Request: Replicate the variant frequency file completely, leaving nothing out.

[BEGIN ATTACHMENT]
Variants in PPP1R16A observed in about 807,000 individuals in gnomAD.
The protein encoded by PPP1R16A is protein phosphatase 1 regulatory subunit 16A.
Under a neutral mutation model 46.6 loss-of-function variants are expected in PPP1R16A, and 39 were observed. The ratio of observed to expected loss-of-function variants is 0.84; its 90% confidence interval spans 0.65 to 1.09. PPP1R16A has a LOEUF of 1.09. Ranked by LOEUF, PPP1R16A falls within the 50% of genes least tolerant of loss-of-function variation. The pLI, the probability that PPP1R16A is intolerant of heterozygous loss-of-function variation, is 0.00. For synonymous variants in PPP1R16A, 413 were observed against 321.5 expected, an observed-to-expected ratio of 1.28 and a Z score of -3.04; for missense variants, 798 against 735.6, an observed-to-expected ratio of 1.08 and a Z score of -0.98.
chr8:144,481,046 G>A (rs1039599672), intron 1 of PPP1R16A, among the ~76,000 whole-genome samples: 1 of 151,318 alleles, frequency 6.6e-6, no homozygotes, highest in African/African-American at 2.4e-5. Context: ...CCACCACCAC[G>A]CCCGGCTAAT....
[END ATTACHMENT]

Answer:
Variants in PPP1R16A observed in about 807,000 individuals in gnomAD.
The protein encoded by PPP1R16A is protein phosphatase 1 regulatory subunit 16A.
Under a neutral mutation model 46.6 loss-of-function variants are expected in PPP1R16A, and 39 were observed. The ratio of observed to expected loss-of-function variants is 0.84; its 90% confidence interval spans 0.65 to 1.09. PPP1R16A has a LOEUF of 1.09. Ranked by LOEUF, PPP1R16A falls within the 50% of genes least tolerant of loss-of-function variation. The pLI, the probability that PPP1R16A is intolerant of heterozygous loss-of-function variation, is 0.00. For synonymous variants in PPP1R16A, 413 were observed against 321.5 expected, an observed-to-expected ratio of 1.28 and a Z score of -3.04; for missense variants, 798 against 735.6, an observed-to-expected ratio of 1.08 and a Z score of -0.98.
chr8:144,481,046 G>A (rs1039599672), intron 1 of PPP1R16A, among the ~76,000 whole-genome samples: 1 of 151,318 alleles, frequency 6.6e-6, no homozygotes, highest in African/African-American at 2.4e-5. Context: ...CCACCACCAC[G>A]CCCGGCTAAT....